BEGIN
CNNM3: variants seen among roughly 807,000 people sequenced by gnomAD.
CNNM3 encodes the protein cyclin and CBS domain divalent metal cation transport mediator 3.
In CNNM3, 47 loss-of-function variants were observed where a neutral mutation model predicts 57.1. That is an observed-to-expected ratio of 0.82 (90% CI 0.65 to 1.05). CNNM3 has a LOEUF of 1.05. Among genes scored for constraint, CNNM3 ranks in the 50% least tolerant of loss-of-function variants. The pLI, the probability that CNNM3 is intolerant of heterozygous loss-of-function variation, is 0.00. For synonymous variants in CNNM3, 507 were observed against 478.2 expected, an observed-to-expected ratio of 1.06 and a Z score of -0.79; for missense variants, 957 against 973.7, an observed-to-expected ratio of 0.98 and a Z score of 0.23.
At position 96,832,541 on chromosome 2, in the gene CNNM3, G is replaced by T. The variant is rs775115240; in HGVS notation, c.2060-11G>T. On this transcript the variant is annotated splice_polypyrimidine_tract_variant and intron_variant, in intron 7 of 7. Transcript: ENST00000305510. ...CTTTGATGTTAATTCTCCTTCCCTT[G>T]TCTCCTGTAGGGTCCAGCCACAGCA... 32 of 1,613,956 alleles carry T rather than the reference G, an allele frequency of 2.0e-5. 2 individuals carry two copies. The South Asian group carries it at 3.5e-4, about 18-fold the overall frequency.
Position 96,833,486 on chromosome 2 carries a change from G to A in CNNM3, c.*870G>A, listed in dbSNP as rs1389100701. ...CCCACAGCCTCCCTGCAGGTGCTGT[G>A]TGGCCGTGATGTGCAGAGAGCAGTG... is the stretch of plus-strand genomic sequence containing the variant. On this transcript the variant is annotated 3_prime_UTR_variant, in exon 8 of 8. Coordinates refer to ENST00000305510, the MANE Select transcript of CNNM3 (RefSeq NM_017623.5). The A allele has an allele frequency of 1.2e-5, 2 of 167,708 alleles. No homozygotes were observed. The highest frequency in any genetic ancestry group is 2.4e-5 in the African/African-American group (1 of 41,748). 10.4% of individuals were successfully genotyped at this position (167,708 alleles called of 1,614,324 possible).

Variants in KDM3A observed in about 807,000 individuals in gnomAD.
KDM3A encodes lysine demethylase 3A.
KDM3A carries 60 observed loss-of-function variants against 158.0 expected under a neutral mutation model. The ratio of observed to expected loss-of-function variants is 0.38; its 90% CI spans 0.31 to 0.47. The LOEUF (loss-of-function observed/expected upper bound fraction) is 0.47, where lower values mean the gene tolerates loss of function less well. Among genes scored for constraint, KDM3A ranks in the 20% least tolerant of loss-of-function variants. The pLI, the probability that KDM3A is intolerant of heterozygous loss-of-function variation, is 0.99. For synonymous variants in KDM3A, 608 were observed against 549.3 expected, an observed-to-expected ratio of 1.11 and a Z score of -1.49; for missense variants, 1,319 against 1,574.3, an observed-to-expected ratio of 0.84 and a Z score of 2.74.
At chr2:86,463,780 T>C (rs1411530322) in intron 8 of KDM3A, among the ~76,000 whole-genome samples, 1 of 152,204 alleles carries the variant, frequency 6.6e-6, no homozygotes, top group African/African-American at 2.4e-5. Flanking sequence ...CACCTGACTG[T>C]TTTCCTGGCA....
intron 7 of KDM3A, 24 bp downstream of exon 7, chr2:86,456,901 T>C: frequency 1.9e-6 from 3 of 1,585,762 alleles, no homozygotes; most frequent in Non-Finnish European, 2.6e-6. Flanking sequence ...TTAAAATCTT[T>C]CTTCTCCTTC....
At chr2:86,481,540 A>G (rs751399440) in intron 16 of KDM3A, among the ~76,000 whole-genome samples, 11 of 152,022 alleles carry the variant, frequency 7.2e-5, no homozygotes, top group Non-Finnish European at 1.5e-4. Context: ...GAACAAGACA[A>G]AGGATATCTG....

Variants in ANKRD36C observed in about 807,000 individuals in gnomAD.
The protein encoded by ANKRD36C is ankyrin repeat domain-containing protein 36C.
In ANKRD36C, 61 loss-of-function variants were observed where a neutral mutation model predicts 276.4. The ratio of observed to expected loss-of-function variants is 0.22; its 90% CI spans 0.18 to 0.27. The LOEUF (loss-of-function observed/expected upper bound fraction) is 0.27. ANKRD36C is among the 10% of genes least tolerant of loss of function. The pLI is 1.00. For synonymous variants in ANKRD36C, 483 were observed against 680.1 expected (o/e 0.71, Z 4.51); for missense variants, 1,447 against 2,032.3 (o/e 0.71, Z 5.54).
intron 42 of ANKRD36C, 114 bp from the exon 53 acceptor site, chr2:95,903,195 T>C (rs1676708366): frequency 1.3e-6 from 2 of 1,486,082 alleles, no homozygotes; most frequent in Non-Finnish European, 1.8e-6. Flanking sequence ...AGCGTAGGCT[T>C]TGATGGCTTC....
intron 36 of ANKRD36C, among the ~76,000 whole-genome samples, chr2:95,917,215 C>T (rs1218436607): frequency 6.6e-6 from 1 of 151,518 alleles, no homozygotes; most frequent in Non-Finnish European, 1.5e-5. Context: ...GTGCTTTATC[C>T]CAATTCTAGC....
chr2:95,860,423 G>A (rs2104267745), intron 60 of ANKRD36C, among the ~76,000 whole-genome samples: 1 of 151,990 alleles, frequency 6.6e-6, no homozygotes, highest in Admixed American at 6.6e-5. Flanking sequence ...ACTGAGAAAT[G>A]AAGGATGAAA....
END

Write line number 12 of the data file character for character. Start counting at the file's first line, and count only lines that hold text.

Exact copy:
Variants in ANKRD36C observed in about 807,000 individuals in gnomAD.